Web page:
6. I'm afraid I have to disagree. I think you'll find there's very few years in American history, where they haven't been involved in a war (or started one) somewhere across the globe. I think you'll also find that the British were heavily taxed too, especially over the last 1000 years, and that life was not easy (try taking a rabbit from the woods for your meal - the consequences of getting caught hunting in the wrong location weren't pleasant). Look up tally stick - they've been used over the past 1000 years for the collection of taxes and to prove what had been paid - these were used in
  7. Tax is stolen, squandered, used for nefarious purposes, but it also builds roads, schools, maintains hospitals etc... If there were no tax to pay how are these things constructed and maintained, and who pays the workers? And without tax, if wages were larger, surely everything in life would be more expensive still, therefore whatever you gained, you would ultimately lose anyway. If there were no wars, and no theft of assets (oil, mineral resources etc.), many first world nations would be third world nations. We live these sheltered, material orientated lives off the backs of others t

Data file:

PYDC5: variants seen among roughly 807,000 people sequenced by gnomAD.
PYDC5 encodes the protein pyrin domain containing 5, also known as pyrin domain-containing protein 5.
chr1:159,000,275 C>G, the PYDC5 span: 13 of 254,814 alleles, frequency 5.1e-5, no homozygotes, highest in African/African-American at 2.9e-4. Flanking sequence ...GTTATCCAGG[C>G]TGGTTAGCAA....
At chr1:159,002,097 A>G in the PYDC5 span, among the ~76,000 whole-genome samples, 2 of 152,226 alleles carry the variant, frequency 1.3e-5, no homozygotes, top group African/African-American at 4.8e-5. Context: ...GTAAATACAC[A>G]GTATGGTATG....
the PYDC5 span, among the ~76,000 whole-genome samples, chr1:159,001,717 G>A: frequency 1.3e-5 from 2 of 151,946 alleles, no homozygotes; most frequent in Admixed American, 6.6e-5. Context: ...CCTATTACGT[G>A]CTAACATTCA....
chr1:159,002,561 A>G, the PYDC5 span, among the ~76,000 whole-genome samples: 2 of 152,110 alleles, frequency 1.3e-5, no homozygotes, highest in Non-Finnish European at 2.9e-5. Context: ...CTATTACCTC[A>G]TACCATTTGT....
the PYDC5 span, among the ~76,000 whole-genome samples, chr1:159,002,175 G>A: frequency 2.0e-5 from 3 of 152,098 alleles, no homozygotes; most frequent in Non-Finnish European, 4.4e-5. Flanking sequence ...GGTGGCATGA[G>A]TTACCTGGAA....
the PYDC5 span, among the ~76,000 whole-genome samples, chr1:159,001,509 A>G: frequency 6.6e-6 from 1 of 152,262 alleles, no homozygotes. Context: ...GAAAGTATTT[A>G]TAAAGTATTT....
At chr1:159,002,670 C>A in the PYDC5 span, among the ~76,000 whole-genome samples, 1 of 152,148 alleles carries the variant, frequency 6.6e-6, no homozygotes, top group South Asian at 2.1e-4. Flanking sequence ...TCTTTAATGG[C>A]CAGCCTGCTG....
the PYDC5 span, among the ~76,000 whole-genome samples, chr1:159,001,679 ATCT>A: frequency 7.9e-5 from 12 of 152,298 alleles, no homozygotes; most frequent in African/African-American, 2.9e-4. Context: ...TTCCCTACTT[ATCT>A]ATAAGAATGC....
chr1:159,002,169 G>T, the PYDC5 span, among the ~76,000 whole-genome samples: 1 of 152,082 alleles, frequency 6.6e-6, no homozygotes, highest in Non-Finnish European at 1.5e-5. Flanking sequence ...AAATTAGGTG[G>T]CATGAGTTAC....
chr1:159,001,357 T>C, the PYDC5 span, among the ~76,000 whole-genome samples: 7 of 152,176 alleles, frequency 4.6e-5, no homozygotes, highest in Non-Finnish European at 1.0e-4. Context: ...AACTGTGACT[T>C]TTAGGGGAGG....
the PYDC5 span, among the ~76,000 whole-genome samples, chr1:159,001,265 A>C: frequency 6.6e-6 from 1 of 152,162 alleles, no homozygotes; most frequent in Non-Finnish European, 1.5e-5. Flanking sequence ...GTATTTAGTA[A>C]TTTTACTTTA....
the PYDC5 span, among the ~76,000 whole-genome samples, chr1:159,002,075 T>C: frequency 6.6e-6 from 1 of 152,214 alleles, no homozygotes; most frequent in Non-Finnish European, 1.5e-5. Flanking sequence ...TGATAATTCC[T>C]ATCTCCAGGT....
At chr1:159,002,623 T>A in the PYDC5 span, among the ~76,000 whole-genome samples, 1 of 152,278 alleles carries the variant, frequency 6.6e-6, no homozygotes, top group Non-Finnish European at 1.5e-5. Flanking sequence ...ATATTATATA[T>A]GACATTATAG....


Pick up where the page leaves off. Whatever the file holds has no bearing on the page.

8. I was in the first round of cuts; hurts the pride a little when you realise you're considered one of the more disposable members of staff. The company was in financial trouble, so I had to take a reduced redundancy pay off (plus I had to pay solicitor fees to sign off on the amended contract), or risk having nothing at all. In the end even that turned out to be a blessing. I left in November. The other employees worked all month, and were due to be paid just before Christmas. They all got laid off, no pay for their month's work and no redundancy settlement. PB. My wife is in a similar p
  9. PB being made redundant was the best thing that happened to me. It certainly didn't feel like it at the time, but it was the shove I needed to go self-employed, which led to me ultimately earning more money, not being tied to a geographical location, and therefore leaving the country and starting a nice life elsewhere where I can indulge in my creative pursuits daily. Of course I'm not suggesting that's a route someone else could or would want to make, but every cloud has a silver lining, especially if you have the right attitude.